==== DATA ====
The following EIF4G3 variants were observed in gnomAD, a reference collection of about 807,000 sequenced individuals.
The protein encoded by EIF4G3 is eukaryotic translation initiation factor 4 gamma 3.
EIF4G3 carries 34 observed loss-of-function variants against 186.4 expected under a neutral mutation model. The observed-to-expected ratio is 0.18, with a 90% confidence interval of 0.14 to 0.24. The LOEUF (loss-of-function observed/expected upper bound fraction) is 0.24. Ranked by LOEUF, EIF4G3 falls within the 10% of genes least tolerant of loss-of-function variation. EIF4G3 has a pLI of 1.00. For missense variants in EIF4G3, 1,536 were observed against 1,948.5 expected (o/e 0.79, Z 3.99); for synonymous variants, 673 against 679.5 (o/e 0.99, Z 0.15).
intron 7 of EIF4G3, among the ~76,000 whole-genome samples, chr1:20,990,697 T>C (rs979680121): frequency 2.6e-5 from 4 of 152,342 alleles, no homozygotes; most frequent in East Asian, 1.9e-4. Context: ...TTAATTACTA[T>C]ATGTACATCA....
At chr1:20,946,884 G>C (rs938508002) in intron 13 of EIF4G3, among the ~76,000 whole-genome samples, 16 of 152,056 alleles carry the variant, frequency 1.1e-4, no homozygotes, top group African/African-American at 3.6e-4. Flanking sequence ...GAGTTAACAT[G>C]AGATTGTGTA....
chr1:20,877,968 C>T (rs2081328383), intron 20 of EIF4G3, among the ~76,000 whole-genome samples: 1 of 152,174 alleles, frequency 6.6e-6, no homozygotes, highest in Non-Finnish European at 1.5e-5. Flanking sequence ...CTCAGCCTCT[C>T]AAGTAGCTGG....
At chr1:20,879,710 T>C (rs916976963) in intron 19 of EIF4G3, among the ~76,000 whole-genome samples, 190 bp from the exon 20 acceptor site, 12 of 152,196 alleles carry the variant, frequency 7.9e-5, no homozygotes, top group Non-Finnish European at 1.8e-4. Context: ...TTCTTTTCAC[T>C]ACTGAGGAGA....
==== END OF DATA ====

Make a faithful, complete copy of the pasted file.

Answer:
The following EIF4G3 variants were observed in gnomAD, a reference collection of about 807,000 sequenced individuals.
The protein encoded by EIF4G3 is eukaryotic translation initiation factor 4 gamma 3.
EIF4G3 carries 34 observed loss-of-function variants against 186.4 expected under a neutral mutation model. The observed-to-expected ratio is 0.18, with a 90% confidence interval of 0.14 to 0.24. The LOEUF (loss-of-function observed/expected upper bound fraction) is 0.24. Ranked by LOEUF, EIF4G3 falls within the 10% of genes least tolerant of loss-of-function variation. EIF4G3 has a pLI of 1.00. For missense variants in EIF4G3, 1,536 were observed against 1,948.5 expected (o/e 0.79, Z 3.99); for synonymous variants, 673 against 679.5 (o/e 0.99, Z 0.15).
intron 7 of EIF4G3, among the ~76,000 whole-genome samples, chr1:20,990,697 T>C (rs979680121): frequency 2.6e-5 from 4 of 152,342 alleles, no homozygotes; most frequent in East Asian, 1.9e-4. Context: ...TTAATTACTA[T>C]ATGTACATCA....
At chr1:20,946,884 G>C (rs938508002) in intron 13 of EIF4G3, among the ~76,000 whole-genome samples, 16 of 152,056 alleles carry the variant, frequency 1.1e-4, no homozygotes, top group African/African-American at 3.6e-4. Flanking sequence ...GAGTTAACAT[G>C]AGATTGTGTA....
chr1:20,877,968 C>T (rs2081328383), intron 20 of EIF4G3, among the ~76,000 whole-genome samples: 1 of 152,174 alleles, frequency 6.6e-6, no homozygotes, highest in Non-Finnish European at 1.5e-5. Flanking sequence ...CTCAGCCTCT[C>T]AAGTAGCTGG....
At chr1:20,879,710 T>C (rs916976963) in intron 19 of EIF4G3, among the ~76,000 whole-genome samples, 190 bp from the exon 20 acceptor site, 12 of 152,196 alleles carry the variant, frequency 7.9e-5, no homozygotes, top group Non-Finnish European at 1.8e-4. Context: ...TTCTTTTCAC[T>C]ACTGAGGAGA....